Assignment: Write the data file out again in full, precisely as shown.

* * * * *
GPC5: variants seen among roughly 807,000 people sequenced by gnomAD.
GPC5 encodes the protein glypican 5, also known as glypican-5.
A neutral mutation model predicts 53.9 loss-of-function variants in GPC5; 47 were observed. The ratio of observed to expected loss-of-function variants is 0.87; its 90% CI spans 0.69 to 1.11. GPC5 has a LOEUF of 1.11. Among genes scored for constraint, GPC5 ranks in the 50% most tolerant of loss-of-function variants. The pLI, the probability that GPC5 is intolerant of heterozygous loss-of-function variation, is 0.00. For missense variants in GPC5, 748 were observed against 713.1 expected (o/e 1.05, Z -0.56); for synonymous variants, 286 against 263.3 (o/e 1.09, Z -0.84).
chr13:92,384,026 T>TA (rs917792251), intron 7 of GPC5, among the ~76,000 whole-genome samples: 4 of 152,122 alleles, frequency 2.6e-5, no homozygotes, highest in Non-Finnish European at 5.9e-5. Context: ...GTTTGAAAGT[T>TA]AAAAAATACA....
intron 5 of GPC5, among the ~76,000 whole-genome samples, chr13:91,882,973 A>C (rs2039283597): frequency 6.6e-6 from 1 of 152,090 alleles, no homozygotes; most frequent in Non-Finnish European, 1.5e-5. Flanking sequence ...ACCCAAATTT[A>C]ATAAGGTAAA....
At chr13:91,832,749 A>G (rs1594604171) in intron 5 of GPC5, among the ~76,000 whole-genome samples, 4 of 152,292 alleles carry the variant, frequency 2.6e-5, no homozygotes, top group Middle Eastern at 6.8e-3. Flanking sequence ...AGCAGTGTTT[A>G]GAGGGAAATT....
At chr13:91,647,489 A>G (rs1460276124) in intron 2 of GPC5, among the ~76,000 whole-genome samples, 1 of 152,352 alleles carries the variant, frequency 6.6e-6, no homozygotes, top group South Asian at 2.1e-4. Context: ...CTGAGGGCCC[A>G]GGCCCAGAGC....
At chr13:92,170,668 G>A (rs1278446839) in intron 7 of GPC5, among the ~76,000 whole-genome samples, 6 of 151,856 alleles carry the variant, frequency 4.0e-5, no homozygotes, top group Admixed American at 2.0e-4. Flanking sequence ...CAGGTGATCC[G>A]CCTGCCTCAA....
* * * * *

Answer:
GPC5: variants seen among roughly 807,000 people sequenced by gnomAD.
GPC5 encodes the protein glypican 5, also known as glypican-5.
A neutral mutation model predicts 53.9 loss-of-function variants in GPC5; 47 were observed. The ratio of observed to expected loss-of-function variants is 0.87; its 90% CI spans 0.69 to 1.11. GPC5 has a LOEUF of 1.11. Among genes scored for constraint, GPC5 ranks in the 50% most tolerant of loss-of-function variants. The pLI, the probability that GPC5 is intolerant of heterozygous loss-of-function variation, is 0.00. For missense variants in GPC5, 748 were observed against 713.1 expected (o/e 1.05, Z -0.56); for synonymous variants, 286 against 263.3 (o/e 1.09, Z -0.84).
chr13:92,384,026 T>TA (rs917792251), intron 7 of GPC5, among the ~76,000 whole-genome samples: 4 of 152,122 alleles, frequency 2.6e-5, no homozygotes, highest in Non-Finnish European at 5.9e-5. Context: ...GTTTGAAAGT[T>TA]AAAAAATACA....
intron 5 of GPC5, among the ~76,000 whole-genome samples, chr13:91,882,973 A>C (rs2039283597): frequency 6.6e-6 from 1 of 152,090 alleles, no homozygotes; most frequent in Non-Finnish European, 1.5e-5. Flanking sequence ...ACCCAAATTT[A>C]ATAAGGTAAA....
At chr13:91,832,749 A>G (rs1594604171) in intron 5 of GPC5, among the ~76,000 whole-genome samples, 4 of 152,292 alleles carry the variant, frequency 2.6e-5, no homozygotes, top group Middle Eastern at 6.8e-3. Flanking sequence ...AGCAGTGTTT[A>G]GAGGGAAATT....
At chr13:91,647,489 A>G (rs1460276124) in intron 2 of GPC5, among the ~76,000 whole-genome samples, 1 of 152,352 alleles carries the variant, frequency 6.6e-6, no homozygotes, top group South Asian at 2.1e-4. Context: ...CTGAGGGCCC[A>G]GGCCCAGAGC....
At chr13:92,170,668 G>A (rs1278446839) in intron 7 of GPC5, among the ~76,000 whole-genome samples, 6 of 151,856 alleles carry the variant, frequency 4.0e-5, no homozygotes, top group Admixed American at 2.0e-4. Flanking sequence ...CAGGTGATCC[G>A]CCTGCCTCAA....